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New info released about death of Border Patrol agent

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November 10, 2013


The family of Nick Ivie, a U.S. Border Patrol Agent from Utah, who was shot and killed on Oct. 2, 2012, has always wondered what really happened the night their brother was killed in a dangerous area known to be frequented by the drug cartel. Reports released shortly after the incident were confusing and many stated that Ivie had shot first and was killed in the return fire.

Border Patrol Agents carry the casket at the graveside service for Nicholas J. Ivie at the Spanish Fork City Cemetery on Thursday, Oct. 11, 2012. Ivie, a U.S. Border Patrol agent, was shot and killed last week near the Mexican border when agents opened fire on each other, mistakenly believing they were firing on drug smugglers

Now, thanks to an article based on information from the FBI, the Border Patrol’s critical incident team and the Cochise County Sheriff’s Office and released by Ron Colburn, a Border Patrol Agent who retired with 31 years of service and as the agency’s deputy chief and current President of the Border Patrol Foundation, more information is shared in an attempt to explain what happened to Ivie and to correct wrong or inadequate information.

“Basically, what happened that night was that so many things lined up to make the perfect storm,” said Andrea Davis, Ivie’s sister. “Nick was late to work because of a family emergency, which meant he wasn’t on horseback and had to be in a vehicle by himself. When the alarm was triggered, he responded immediately to a very dangerous place that is a busy and main drug trafficking area.”

In Colburn’s article, “Walk a Mile in His Boots,” Colburn tells about events that took place that fateful night, based on information from discussions with local law enforcement and the FBI.

“His death has been reported as a ‘friendly fire’ incident, first of its kind in the nearly 90 year history of the Border Patrol,” Colburn said in his article. “Since Nick’s death, finger pointing and misinformation in the press and news media has been the rule, rather than the exception. A lengthy investigation by the government, requiring that the witnesses and government entities involved remain silent only adds to the speculation by those who would write and report on it, yet know little to nothing about the tragic, complex circumstances that led to a first time ever event, such as this.”

Ivie died from a gunshot wound to the head, and the second agent was hit in the buttocks and grazed in the ankle. But the physical evidence from that evening doesn’t indicate who fired first.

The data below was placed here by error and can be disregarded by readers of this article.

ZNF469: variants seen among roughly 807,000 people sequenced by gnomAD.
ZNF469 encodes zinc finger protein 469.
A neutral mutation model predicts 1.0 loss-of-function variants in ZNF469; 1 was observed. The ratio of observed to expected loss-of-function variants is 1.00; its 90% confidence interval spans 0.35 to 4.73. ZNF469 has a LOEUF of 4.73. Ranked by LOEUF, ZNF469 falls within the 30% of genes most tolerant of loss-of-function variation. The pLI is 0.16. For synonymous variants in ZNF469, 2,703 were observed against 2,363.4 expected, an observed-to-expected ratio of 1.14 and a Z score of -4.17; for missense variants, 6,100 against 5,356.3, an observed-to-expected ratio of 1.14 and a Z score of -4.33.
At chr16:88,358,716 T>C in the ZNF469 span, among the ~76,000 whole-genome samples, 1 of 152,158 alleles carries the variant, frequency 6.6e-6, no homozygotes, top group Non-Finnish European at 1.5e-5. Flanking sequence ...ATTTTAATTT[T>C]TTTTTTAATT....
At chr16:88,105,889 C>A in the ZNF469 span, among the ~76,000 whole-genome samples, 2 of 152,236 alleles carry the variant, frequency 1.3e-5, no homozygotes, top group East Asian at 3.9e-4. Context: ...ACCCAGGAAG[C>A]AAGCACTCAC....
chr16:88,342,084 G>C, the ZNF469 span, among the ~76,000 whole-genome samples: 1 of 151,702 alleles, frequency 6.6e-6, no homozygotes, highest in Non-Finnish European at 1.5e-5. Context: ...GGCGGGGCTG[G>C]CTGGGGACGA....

“Even if Nick did shoot first, we know that he was threatened,” said Davis. “The agents are trained with muscle memory. They all would have responded and shot because they are trained to shoot first. If he did shoot first, he did according to his training.”

And Colburn’s article shares similar information.

“The physical evidence does not indicate who fired first,” said Colburn, in his article. “Agent #2 stated that she did not know who fired first, and Agent #1 stated that Nick fired first, and that he returned fire.”

Because the Border Patrol has reopened the case and the investigation is ongoing, Ivie’s family is grateful to have new information released that they hope helps clarify the situation.

“Previous information that was released by the media wasn’t correct or didn’t give all of the information,” said Davis. “The information released by Ron Colburn is an attempt to correct wrong, inadequate and lack of information regarding Nick’s death.”

Joel Ivie, also a Border Patrol agent and Nick Ivie’s brother, put together a presentation for other agents who were still confused after many months about how the incident occurred.

“Joel was able to listen to the radio communications from both sides,” said Davis. “When he listened to that, he said it was like watching a movie in his mind. He and Nick knew that area so well and with the communication on the radio, in Nick’s mind he thought the other agents would be 40 to 45 minutes out.”

The recordings show there was a possible miscommunication between the agents, with Nick thinking the agents were 45 minutes away, instead of actually just five minutes away. Other information includes an account from one agent who saw three or four silhouettes of people and heard someone speaking in fast, fluent Spanish.

“There were also pesos on the ground, water bottles with no condensation and wrappers with no weathering on them found on the ground near Nick,” said Davis. “Nick would’ve had whoever he captured empty their pockets and he would have had them down on the ground.”

Even with all the new information being released, Davis said that the report still didn’t include 100 percent of the information because of the open investigation.

“We love the Border Patrol,” said Davis. “They are family to us and have kept in contact with us and have honored Nick. We are grateful that this article was released to help correct wrong information.”



About Doc

Spreading the word about the dangers of methamphetamine.

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